The trends for transaction count increased on a sequential basis, and we also experienced a 3% increase in average ticket over last year, driven by our recent pricing actions. Our e-commerce business was particularly strong in Q2, growing by 2.2% over last year, with an acceleration in growth toward the end of the quarter. Our gross profit in Q2 was $214.9 million on a GAAP basis, reflecting a 20% decrease from last year. We incurred $27.1 million of excess ocean freight cost during Q2, which went below our internal forecast.

Notably, we didn’t incur any excess ocean freight cost over the corresponding period last year. After adjusting for these noncomparable expenses, our gross profit of $242 million declined by 9% compared to the same quarter last year and increased by 7% compared to pre-pandemic levels in fiscal 2020. Our gross margin rate on a GAAP basis was 46.4% in Q2, a decrease of 730 basis points from last year and reflecting a 580-basis-point impact from increased supply chain costs, of which the biggest contributor was excess import freight. After adjusting for excess import freight costs, our gross margin of 52.2% decreased by 150 basis points from last year.

We experienced increases in domestic freight expense due to rising carrier rates and fuel costs, as well as higher shrink costs related to the start-up of our new multipurpose distribution center located in West Jefferson, Ohio. These negative factors were partially offset by improved pricing efficiency, optimized promotional offers, and lower levels of overall clearance markdowns due to improved inventory quality. Selling, general, and administrative expenses increased by 4.7% compared to the second quarter of last year, driven by increased distribution costs from earlier arriving seasonal merchandise. We also incurred incremental costs associated with our new multipurpose distribution center in West Jefferson, Ohio.

Our direct store expenses were slightly lower than the same period last year. And as mentioned previously, we are implementing targeted cost reductions to meaningfully improve our expense outlook for the back half. Our net loss in Q2 was $56.9 million, compared to net income of $5.2 million last year on a GAAP basis. Loss in adjusted EBITDA of $8.9 million, compared to income of $23.5 million in the same quarter last year.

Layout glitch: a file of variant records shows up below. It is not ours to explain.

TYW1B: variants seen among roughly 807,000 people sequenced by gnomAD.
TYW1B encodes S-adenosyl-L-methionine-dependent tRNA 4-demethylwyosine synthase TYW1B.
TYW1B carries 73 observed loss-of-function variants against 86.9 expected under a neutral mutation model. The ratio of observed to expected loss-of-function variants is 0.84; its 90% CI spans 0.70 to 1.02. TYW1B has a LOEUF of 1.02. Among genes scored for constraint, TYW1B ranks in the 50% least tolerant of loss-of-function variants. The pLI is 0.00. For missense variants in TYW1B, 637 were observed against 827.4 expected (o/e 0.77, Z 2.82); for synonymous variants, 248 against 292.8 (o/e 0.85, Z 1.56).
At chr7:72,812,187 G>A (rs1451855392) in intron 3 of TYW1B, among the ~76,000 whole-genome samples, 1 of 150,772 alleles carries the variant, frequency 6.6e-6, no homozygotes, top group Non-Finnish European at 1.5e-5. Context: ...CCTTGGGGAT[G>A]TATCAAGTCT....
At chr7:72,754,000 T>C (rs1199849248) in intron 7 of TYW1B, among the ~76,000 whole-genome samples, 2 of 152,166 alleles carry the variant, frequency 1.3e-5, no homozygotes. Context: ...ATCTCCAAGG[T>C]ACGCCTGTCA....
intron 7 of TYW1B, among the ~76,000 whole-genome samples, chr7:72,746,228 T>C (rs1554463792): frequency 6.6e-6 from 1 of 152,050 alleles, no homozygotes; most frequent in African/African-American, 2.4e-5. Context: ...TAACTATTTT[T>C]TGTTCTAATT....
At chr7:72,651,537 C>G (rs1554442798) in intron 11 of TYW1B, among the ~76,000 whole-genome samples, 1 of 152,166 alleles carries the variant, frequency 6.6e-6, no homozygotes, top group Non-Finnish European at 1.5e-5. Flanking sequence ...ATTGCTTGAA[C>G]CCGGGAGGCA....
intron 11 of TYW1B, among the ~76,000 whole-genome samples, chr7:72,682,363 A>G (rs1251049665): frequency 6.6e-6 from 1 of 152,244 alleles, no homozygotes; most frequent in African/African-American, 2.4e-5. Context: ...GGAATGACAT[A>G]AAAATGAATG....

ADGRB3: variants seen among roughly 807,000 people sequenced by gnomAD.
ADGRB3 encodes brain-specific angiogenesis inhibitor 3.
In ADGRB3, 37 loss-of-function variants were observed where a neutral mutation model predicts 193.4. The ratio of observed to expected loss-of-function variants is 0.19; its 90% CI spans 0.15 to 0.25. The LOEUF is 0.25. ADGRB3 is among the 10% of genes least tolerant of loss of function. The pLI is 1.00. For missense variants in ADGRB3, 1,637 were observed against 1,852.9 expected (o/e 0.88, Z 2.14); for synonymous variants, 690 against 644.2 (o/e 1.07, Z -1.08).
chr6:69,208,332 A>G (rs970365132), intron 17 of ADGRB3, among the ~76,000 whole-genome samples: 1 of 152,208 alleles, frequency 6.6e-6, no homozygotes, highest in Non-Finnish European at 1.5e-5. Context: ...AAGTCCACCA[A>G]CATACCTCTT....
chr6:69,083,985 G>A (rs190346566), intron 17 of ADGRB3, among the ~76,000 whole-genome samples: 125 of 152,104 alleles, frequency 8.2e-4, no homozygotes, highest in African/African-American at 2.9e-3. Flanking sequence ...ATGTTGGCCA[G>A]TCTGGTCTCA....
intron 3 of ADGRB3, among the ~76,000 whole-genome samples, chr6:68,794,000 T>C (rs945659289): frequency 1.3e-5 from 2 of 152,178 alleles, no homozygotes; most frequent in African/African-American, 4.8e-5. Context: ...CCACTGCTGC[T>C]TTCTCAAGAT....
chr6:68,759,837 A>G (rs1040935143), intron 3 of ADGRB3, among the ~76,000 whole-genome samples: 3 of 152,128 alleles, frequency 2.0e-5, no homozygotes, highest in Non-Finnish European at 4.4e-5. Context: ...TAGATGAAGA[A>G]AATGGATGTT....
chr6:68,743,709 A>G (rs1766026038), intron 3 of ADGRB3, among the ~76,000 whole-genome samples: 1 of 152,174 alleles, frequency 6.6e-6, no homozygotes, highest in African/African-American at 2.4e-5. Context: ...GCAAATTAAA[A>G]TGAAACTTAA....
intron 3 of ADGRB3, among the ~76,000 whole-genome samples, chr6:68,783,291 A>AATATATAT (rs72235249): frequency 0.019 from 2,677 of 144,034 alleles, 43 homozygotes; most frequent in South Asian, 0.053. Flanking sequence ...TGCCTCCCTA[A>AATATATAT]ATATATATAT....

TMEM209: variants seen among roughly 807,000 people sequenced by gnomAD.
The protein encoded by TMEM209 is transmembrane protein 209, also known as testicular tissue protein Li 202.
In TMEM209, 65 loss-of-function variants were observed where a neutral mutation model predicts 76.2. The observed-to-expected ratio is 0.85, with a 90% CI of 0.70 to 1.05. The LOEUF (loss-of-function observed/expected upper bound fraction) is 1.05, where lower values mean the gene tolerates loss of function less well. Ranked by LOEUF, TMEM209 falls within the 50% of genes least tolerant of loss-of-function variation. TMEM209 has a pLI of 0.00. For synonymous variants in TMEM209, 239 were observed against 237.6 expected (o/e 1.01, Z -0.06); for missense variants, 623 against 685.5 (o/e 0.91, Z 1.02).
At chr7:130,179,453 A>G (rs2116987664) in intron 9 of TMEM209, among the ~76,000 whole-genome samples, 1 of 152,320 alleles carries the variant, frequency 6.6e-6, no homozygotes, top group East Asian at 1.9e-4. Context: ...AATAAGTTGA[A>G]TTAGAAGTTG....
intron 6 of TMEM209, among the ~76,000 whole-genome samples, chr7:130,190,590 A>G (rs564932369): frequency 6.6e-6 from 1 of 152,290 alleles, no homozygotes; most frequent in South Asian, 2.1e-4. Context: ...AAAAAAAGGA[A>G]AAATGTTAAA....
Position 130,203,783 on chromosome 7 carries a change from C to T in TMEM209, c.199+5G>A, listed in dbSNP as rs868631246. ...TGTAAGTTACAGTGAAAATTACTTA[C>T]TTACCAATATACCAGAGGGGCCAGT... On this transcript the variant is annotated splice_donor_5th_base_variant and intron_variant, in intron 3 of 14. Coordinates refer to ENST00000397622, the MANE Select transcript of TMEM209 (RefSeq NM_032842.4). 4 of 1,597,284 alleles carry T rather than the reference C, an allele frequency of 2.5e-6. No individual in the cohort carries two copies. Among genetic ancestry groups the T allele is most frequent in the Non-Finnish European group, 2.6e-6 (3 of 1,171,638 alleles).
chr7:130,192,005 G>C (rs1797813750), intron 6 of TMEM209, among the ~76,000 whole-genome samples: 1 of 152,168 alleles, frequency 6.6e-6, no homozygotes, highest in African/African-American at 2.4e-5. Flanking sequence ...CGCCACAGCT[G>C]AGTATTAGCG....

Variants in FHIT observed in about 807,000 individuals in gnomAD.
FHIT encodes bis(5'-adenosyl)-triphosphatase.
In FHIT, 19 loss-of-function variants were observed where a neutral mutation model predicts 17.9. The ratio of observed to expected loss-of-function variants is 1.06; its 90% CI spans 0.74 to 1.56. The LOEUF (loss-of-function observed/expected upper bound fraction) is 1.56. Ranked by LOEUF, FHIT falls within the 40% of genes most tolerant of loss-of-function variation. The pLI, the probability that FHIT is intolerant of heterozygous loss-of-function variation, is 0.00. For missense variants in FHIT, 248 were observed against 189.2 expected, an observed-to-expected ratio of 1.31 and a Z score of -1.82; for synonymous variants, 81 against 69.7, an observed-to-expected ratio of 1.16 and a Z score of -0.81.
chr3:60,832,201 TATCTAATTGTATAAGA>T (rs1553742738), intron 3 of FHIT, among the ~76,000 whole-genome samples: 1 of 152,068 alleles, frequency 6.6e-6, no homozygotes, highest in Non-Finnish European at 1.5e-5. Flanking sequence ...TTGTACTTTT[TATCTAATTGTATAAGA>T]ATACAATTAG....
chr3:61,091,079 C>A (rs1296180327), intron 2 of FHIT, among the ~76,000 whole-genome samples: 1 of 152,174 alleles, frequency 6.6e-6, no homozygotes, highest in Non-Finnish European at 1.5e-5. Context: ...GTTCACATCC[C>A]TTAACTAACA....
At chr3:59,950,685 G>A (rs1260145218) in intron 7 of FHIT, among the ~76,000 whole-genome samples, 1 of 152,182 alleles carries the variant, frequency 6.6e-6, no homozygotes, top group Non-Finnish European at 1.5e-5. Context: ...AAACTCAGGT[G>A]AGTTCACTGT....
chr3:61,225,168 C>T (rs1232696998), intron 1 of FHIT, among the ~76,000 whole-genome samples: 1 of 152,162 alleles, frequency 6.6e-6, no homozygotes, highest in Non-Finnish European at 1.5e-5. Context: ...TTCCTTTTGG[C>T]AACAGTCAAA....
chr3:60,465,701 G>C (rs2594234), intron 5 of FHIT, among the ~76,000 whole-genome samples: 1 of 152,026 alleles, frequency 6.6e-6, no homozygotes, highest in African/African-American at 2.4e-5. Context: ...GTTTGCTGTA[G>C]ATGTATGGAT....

I want to emphasize the adjusted EBITDA performance in Q2 should be considered somewhat of an anomaly and it should not offer any direct read-through on our financial performance or profitability for the remainder of the year. Based on seasonality, Q2 normally represents our low watermark in relation to our annual sales and profitability. For historical context, we also reported slightly negative EBITDA on an adjusted basis in the second quarter of our pre-pandemic year. On June 24, we paid our quarterly dividend of $0.11 per share, and we’ve also declared our upcoming quarterly dividend to be paid on September 23 to shareholders of record on September 9.

Moving on to our balance sheet. Our cash and cash equivalents were $21.5 million at the end of the second quarter. Our long-term net debt was slightly over $1 billion, reflecting a $240.9 million increase over last year. The biggest driver for this increase was the impact of excess ocean freight expenses, which was not affected over the same period last year.

We continue to believe that our long-term leverage target of two times adjusted EBITDA is achievable. Relative to the prior quarter, our payables-to-inventory ratio was at a more normalized level of 36% in Q2. We are still planning for $60 million to $70 million of capex spending this fiscal year. Our store refresh program remains on track, and we’ve completed 16 projects so far with another 18 planned for the remainder of the current fiscal year.